This work deals with the computer vision problem of recognizing and locating rigid shapes in the plane which have been subjected to unknown rotation, scaling, and noise. The recognition task includes both locating the overall pattern and identifying each of its features. Location is achieved by finding a geometric registration function that does a good job of superimposing the instance and the model. Identifying the features requires matching each model feature with the corresponding instance feature. A pruned tree-search algorithm is developed which makes effective use of the Soviet ellipsoid algorithm for feasibility of linear constraints. An interesting blend of theoretical analysis and practical implementation shows that the resulting algorithm has an expected runtime that is theoretically asymptotically quadratic in the number of feature points, but practically linear in n for patterns with fewer than 100 points.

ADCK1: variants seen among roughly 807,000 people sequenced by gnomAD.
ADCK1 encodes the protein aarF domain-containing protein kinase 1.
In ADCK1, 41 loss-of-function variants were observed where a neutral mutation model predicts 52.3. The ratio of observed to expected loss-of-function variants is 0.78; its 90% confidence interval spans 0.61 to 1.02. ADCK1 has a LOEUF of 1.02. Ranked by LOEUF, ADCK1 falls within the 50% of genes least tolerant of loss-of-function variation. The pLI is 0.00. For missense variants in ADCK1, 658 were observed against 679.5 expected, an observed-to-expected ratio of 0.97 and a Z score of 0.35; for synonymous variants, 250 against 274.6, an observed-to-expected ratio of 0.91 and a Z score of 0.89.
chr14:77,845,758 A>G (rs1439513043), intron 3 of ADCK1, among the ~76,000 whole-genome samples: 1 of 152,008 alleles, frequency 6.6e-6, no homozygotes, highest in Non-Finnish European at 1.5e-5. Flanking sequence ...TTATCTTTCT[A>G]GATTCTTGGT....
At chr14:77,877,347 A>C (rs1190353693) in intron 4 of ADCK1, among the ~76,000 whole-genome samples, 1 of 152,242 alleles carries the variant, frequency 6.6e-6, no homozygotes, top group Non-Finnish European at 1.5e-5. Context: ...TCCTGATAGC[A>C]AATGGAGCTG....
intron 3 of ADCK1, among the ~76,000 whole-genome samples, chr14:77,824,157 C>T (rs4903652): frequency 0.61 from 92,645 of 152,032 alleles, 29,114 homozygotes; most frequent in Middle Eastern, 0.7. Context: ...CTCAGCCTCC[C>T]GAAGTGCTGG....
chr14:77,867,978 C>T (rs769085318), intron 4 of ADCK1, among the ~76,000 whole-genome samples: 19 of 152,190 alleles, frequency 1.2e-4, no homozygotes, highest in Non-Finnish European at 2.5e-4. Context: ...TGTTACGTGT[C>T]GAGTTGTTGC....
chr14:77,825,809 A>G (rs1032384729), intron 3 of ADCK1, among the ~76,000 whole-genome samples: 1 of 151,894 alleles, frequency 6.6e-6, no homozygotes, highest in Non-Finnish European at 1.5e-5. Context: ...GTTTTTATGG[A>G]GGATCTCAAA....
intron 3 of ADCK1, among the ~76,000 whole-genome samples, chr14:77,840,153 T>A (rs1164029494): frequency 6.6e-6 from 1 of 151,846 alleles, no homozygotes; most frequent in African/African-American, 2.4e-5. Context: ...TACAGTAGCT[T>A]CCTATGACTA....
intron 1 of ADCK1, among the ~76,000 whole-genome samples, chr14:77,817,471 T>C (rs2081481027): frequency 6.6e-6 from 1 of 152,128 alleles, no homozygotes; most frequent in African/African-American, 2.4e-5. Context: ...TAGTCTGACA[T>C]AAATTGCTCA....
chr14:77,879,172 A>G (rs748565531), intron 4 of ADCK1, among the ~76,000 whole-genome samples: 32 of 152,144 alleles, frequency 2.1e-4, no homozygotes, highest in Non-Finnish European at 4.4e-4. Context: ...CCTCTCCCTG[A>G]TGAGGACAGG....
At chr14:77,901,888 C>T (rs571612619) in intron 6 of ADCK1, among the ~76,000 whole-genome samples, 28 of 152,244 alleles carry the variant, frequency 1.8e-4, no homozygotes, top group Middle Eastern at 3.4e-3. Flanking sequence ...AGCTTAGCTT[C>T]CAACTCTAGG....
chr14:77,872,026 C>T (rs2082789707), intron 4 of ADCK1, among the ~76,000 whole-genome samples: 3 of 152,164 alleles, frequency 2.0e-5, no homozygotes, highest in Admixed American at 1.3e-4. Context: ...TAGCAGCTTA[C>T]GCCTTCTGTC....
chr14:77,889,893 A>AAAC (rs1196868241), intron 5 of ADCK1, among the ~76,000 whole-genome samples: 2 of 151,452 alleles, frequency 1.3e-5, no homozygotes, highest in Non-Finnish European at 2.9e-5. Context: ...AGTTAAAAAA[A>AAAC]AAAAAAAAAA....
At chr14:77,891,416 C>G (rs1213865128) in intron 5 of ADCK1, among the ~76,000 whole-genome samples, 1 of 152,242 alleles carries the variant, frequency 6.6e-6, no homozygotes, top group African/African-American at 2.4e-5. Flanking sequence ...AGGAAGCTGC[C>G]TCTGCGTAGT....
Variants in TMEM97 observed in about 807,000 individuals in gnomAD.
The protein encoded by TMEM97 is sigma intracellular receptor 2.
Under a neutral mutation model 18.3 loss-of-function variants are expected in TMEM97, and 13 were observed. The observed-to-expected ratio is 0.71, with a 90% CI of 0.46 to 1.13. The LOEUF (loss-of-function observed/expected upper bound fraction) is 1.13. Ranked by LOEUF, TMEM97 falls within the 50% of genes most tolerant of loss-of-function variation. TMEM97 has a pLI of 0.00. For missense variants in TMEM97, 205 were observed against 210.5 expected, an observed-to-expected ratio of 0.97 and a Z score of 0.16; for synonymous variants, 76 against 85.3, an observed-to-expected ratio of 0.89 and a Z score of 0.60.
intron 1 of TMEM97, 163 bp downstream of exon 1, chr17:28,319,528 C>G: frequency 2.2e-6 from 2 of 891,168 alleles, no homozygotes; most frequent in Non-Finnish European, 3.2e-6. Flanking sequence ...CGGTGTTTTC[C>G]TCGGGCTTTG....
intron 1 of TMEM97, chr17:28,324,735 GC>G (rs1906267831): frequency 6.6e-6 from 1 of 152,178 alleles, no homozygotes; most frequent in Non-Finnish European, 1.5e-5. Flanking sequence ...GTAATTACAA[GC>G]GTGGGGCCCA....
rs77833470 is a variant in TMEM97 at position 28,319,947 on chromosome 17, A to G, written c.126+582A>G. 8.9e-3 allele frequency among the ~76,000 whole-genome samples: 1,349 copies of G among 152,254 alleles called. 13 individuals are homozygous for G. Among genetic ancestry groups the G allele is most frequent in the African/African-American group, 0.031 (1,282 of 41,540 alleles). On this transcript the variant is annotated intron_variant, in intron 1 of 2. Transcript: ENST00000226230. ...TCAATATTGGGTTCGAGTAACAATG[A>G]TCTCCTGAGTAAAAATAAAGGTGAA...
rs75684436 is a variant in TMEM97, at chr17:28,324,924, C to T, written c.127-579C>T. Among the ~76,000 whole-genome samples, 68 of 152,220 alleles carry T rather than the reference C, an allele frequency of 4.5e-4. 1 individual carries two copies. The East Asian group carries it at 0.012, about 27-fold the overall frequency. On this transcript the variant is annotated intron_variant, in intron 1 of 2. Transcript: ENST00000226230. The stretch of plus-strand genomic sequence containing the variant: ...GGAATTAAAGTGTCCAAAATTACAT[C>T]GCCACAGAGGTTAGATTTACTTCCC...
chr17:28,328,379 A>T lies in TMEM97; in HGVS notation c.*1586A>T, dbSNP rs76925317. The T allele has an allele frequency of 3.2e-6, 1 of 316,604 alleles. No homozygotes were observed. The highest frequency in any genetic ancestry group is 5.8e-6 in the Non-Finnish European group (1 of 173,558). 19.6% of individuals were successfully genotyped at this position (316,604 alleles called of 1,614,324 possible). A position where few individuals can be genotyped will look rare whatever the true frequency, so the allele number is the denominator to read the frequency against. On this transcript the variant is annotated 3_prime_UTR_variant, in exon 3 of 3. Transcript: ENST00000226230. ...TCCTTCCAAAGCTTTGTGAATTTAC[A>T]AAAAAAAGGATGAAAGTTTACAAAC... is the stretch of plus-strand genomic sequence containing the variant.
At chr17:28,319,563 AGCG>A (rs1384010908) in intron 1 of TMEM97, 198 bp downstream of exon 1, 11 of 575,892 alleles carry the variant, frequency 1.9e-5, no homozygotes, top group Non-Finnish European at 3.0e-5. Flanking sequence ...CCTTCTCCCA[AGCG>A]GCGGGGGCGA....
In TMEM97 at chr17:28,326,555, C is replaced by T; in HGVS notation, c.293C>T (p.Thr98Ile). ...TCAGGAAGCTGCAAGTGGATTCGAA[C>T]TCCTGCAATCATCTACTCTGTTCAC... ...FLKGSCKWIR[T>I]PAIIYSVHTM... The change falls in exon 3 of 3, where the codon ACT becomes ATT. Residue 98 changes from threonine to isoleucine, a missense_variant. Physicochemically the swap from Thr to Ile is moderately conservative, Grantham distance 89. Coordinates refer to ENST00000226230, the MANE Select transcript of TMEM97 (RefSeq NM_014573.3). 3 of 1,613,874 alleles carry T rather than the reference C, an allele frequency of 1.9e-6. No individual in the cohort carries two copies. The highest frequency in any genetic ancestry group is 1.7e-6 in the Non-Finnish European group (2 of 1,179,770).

Introduction • Task Abstraction • Prior Approaches • A Linear Programming Approach • Geometry of Registrations and Ellipsoids • Worst-Case Number of Feasible Matchings • Random Patterns • Expected Cost of Feasibility Testing • Expected Size of Search Tree • Monte Carlo Trials • Conclusions
Model-Based Image Matching Using Location is a 1984 ACM Distinguished Dissertation.